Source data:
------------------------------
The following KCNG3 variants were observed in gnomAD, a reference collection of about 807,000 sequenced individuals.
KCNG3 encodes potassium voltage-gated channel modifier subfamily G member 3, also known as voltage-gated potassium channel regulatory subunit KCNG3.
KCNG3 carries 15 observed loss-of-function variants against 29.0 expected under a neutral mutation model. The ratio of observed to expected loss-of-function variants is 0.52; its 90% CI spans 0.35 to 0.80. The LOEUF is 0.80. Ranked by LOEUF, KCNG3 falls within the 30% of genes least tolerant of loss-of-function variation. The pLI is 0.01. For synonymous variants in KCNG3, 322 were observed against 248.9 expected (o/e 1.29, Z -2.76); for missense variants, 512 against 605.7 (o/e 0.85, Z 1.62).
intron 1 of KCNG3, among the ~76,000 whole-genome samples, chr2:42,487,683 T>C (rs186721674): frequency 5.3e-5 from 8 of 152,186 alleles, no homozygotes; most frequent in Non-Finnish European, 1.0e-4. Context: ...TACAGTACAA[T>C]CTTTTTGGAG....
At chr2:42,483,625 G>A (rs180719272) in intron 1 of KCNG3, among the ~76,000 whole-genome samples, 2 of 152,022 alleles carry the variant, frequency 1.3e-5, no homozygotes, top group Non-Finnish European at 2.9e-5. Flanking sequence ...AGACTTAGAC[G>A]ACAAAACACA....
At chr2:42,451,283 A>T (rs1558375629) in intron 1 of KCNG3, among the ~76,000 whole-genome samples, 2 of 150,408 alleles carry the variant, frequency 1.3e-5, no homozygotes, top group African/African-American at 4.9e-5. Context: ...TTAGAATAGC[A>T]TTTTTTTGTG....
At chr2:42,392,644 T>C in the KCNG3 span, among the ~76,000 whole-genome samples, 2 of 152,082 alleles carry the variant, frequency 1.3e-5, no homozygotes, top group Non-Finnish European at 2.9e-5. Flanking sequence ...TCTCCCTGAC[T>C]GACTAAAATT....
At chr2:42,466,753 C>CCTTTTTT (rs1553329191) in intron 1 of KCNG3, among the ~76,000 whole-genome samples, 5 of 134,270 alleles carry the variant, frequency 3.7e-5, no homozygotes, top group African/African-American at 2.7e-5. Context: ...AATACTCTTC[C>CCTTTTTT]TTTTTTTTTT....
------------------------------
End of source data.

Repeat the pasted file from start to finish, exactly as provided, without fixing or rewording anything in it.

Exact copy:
The following KCNG3 variants were observed in gnomAD, a reference collection of about 807,000 sequenced individuals.
KCNG3 encodes potassium voltage-gated channel modifier subfamily G member 3, also known as voltage-gated potassium channel regulatory subunit KCNG3.
KCNG3 carries 15 observed loss-of-function variants against 29.0 expected under a neutral mutation model. The ratio of observed to expected loss-of-function variants is 0.52; its 90% CI spans 0.35 to 0.80. The LOEUF is 0.80. Ranked by LOEUF, KCNG3 falls within the 30% of genes least tolerant of loss-of-function variation. The pLI is 0.01. For synonymous variants in KCNG3, 322 were observed against 248.9 expected (o/e 1.29, Z -2.76); for missense variants, 512 against 605.7 (o/e 0.85, Z 1.62).
intron 1 of KCNG3, among the ~76,000 whole-genome samples, chr2:42,487,683 T>C (rs186721674): frequency 5.3e-5 from 8 of 152,186 alleles, no homozygotes; most frequent in Non-Finnish European, 1.0e-4. Context: ...TACAGTACAA[T>C]CTTTTTGGAG....
At chr2:42,483,625 G>A (rs180719272) in intron 1 of KCNG3, among the ~76,000 whole-genome samples, 2 of 152,022 alleles carry the variant, frequency 1.3e-5, no homozygotes, top group Non-Finnish European at 2.9e-5. Flanking sequence ...AGACTTAGAC[G>A]ACAAAACACA....
At chr2:42,451,283 A>T (rs1558375629) in intron 1 of KCNG3, among the ~76,000 whole-genome samples, 2 of 150,408 alleles carry the variant, frequency 1.3e-5, no homozygotes, top group African/African-American at 4.9e-5. Context: ...TTAGAATAGC[A>T]TTTTTTTGTG....
At chr2:42,392,644 T>C in the KCNG3 span, among the ~76,000 whole-genome samples, 2 of 152,082 alleles carry the variant, frequency 1.3e-5, no homozygotes, top group Non-Finnish European at 2.9e-5. Flanking sequence ...TCTCCCTGAC[T>C]GACTAAAATT....
At chr2:42,466,753 C>CCTTTTTT (rs1553329191) in intron 1 of KCNG3, among the ~76,000 whole-genome samples, 5 of 134,270 alleles carry the variant, frequency 3.7e-5, no homozygotes, top group African/African-American at 2.7e-5. Context: ...AATACTCTTC[C>CCTTTTTT]TTTTTTTTTT....